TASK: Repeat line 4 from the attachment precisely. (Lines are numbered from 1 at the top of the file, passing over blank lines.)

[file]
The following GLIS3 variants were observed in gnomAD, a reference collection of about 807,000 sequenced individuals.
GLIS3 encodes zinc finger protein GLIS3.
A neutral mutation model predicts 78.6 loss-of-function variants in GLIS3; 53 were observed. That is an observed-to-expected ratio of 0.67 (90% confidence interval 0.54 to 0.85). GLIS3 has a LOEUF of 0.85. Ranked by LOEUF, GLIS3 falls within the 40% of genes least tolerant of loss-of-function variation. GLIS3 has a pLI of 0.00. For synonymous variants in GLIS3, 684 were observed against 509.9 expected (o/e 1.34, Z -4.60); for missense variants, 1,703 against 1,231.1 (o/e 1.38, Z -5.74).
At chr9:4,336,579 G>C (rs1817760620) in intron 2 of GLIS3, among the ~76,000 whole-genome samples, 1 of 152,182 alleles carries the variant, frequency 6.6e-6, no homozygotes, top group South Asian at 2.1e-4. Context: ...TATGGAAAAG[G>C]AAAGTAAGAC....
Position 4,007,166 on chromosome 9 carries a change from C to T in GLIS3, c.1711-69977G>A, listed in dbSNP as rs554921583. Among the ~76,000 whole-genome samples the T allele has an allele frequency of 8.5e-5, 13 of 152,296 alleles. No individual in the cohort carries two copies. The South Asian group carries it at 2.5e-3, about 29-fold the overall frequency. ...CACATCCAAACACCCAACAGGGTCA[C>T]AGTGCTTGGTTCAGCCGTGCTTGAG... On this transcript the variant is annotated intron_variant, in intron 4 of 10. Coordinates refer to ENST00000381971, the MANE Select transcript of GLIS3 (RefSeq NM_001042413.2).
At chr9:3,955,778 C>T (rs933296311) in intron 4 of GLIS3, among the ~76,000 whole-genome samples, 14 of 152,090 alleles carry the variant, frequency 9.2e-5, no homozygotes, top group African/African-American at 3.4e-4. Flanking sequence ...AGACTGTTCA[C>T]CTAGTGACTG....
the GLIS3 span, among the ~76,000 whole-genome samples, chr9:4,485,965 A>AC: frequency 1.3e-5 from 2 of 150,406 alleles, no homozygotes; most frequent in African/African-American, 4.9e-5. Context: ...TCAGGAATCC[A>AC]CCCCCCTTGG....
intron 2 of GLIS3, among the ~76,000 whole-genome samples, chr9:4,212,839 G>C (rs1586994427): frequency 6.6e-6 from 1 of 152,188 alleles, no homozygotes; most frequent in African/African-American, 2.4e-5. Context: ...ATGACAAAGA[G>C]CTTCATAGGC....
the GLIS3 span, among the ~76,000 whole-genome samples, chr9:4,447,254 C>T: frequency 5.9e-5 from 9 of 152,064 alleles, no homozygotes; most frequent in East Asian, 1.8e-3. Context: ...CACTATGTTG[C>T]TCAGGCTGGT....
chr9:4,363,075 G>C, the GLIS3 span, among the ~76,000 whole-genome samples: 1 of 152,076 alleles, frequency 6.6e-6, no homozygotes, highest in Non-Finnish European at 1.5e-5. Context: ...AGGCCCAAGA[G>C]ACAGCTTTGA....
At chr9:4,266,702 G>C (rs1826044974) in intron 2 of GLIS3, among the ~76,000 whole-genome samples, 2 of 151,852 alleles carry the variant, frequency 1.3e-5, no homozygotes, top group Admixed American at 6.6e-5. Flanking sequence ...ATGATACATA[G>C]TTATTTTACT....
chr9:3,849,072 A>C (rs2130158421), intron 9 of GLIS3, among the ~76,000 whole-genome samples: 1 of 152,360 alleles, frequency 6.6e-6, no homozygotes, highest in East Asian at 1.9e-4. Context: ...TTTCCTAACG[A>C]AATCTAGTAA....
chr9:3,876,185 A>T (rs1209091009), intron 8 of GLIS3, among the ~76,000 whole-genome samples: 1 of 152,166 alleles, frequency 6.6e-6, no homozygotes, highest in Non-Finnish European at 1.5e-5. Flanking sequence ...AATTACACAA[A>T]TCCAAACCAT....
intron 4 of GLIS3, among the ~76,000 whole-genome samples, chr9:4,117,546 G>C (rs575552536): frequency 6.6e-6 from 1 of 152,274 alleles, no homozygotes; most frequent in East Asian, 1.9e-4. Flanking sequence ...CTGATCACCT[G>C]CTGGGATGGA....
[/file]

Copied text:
At chr9:4,336,579 G>C (rs1817760620) in intron 2 of GLIS3, among the ~76,000 whole-genome samples, 1 of 152,182 alleles carries the variant, frequency 6.6e-6, no homozygotes, top group South Asian at 2.1e-4. Context: ...TATGGAAAAG[G>C]AAAGTAAGAC....